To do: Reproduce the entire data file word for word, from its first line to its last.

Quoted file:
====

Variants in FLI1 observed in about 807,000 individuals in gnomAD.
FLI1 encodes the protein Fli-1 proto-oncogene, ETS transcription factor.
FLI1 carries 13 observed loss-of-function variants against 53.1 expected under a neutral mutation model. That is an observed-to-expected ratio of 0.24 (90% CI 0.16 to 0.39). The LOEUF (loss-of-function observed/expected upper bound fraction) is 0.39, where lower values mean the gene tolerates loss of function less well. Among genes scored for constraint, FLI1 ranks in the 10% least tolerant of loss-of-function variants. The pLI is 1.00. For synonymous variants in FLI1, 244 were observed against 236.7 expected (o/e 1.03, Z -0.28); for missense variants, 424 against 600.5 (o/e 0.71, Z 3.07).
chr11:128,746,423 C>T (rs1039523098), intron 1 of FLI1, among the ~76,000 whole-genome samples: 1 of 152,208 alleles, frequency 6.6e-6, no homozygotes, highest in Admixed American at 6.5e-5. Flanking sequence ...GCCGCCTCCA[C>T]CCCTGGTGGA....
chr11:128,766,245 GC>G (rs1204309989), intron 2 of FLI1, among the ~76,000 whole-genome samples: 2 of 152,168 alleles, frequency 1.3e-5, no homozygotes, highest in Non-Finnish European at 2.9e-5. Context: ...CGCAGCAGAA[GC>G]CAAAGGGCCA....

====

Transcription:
Variants in FLI1 observed in about 807,000 individuals in gnomAD.
FLI1 encodes the protein Fli-1 proto-oncogene, ETS transcription factor.
FLI1 carries 13 observed loss-of-function variants against 53.1 expected under a neutral mutation model. That is an observed-to-expected ratio of 0.24 (90% CI 0.16 to 0.39). The LOEUF (loss-of-function observed/expected upper bound fraction) is 0.39, where lower values mean the gene tolerates loss of function less well. Among genes scored for constraint, FLI1 ranks in the 10% least tolerant of loss-of-function variants. The pLI is 1.00. For synonymous variants in FLI1, 244 were observed against 236.7 expected (o/e 1.03, Z -0.28); for missense variants, 424 against 600.5 (o/e 0.71, Z 3.07).
chr11:128,746,423 C>T (rs1039523098), intron 1 of FLI1, among the ~76,000 whole-genome samples: 1 of 152,208 alleles, frequency 6.6e-6, no homozygotes, highest in Admixed American at 6.5e-5. Flanking sequence ...GCCGCCTCCA[C>T]CCCTGGTGGA....
chr11:128,766,245 GC>G (rs1204309989), intron 2 of FLI1, among the ~76,000 whole-genome samples: 2 of 152,168 alleles, frequency 1.3e-5, no homozygotes, highest in Non-Finnish European at 2.9e-5. Context: ...CGCAGCAGAA[GC>G]CAAAGGGCCA....